A Lost Portrait of the Young Lord Byron

The Pforzheimer Collection of Shelley and His Circle at the NYPL has recently acquired a photograph of a lost painting of the young Lord Byron, allegedly painted by the well-known portraitist Sir Henry Raeburn in 1805, when the poet at 17 years old.

The painting was seen briefly in the 1890s and was sold for $2000 in the early twentieth century to an anonymous buyer (via the dealer William Clausen, in the Salvador de Mendonca sale). It has since disappeared from view. This photograph, which was discovered in an album of Byroniana acquired by the Pforzheimer in 2014, is now our best witness to this compelling lost portrait of Lord Byron.

When he sat for this portrait, Byron would have just finished his term at Harrow or perhaps begun his studies at Trinity College, Cambridge.  He had become Lord Byron in 1798, but his poetic career was still ahead of him at this point. One sees the recognizable high forehead, curly hair, and wide collar that would become part of the signature Byronic look.

Some have cast doubt on the authenticity of the painting, as no record of Byron sitting for Raeburn seems to exist. However, Raeburn did paint a picture of the wife of Byron’s godfather, Mrs. Robert Duff, around this time.  Anyone with more information about the painting is encouraged to contact us.






A rather poor copy of the painting was published in Byron the Poet, ed. Walter A. Briscoe (London, 1924):





It was also imperfectly copied for Munsey’s Magazine 17 (p. 332), as part of a report on the Mendonca sale of Byron relics.



Byron Society-sponsored panel at NASSR 2015: “Lord Byron and Rights,” August 13-16, 2015

NASSR 2015
August 13-16
University of Manitoba / University of Winnipeg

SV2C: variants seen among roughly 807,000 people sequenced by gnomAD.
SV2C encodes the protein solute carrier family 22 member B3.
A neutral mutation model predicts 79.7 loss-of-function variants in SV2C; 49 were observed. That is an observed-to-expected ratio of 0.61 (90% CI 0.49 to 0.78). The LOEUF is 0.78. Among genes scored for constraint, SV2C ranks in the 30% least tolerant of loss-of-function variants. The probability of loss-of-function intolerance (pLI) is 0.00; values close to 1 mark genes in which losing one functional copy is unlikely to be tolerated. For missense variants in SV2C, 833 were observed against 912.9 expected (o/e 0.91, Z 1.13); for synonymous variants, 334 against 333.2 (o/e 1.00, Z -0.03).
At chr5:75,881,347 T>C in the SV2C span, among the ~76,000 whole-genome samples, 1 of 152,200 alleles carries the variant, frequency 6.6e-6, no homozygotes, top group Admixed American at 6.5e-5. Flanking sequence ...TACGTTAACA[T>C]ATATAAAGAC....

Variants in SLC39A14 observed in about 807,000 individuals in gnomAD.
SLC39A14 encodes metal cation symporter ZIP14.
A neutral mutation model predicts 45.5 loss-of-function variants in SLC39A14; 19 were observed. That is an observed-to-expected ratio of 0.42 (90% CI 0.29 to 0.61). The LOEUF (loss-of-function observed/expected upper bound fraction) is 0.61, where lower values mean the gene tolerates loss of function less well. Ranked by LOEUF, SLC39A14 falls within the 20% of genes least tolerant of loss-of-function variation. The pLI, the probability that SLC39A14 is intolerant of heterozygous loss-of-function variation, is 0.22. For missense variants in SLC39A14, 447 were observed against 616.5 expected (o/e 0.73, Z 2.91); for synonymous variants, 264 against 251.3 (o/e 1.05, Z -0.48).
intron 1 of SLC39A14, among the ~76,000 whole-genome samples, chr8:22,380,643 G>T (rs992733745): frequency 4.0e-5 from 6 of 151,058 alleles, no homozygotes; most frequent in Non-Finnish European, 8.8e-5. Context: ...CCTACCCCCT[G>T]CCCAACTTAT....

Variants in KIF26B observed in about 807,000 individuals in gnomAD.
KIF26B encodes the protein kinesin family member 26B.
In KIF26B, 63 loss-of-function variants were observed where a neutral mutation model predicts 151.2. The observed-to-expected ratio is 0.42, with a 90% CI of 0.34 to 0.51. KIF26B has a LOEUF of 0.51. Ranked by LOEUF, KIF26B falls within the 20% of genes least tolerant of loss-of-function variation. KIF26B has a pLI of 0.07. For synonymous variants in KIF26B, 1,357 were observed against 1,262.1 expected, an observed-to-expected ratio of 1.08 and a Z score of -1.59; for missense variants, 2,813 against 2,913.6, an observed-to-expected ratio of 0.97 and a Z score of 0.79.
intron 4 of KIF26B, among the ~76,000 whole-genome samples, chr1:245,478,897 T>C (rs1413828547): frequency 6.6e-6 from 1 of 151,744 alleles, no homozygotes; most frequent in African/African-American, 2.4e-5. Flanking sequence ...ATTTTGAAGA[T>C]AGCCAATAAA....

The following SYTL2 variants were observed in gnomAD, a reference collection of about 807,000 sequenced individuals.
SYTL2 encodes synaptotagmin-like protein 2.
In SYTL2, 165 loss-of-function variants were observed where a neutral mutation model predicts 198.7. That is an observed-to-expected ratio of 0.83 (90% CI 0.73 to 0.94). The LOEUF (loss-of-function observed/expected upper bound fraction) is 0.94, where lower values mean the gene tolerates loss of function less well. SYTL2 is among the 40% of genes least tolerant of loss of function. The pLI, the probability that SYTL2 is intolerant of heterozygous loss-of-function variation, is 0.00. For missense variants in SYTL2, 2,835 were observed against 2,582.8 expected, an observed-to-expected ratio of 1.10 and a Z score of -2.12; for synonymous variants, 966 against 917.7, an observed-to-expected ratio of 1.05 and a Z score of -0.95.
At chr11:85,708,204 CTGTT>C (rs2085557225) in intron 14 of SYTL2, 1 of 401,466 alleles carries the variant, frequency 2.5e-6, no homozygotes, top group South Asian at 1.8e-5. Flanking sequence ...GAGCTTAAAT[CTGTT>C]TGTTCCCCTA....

Special Session: Lord Byron and Rights
Organizer and chair: Alexander Grammatikos (Carleton University)
Joselyn Almeida-Beveridge (University of Massachusetts, Amherst), “After ‘The Rubicon of Man’s Awakened Rights’: War, Debt, and the Rights of Nations in Byron’s The Age of Bronze (1823)”
Mark Lounibos (Finlandia University), “The Rights of Things in Byron’s Cain, or Hell as Hyperobject
Jacob Hughes (The Pennsylvania State University), “Byron and the Right to Be Wrong”

Reminder: Student Travel Grants (March 1 deadline)

Each year, the BSA underwrites a travel grants program for graduate students with scholarly interests in Byron. The Society offers up to four small grants to help students attend conferences at which they will deliver papers on Byron, with priority given to students presenting at the International Byron Conference, followed by students presenting at the International Student Byron Conference in Messolonghi, Greece. Although preference will be given to citizens of the United States and Canada, citizens of other countries who are enrolled in universities in the United States or Canada are also eligible to apply. A student who receives an offer of funding must be a member of the Byron Society of America before the grant will be awarded.

Click HERE for more information.

CFP: “Byron & the Bible” Conference at Newstead Abbey, 1-2 May 2015

Call for Papers

Conference on “Byron & the Bible” at Newstead Abbey1-2 May 2015

Plenary speaker: Gavin Hopps (St Andrews)

Meeting on the premises of Newstead Abbey for the second time after the success of “Byron at Home” last year, this conference continues the long-standing tradition of international May gatherings of Byronists in the UK.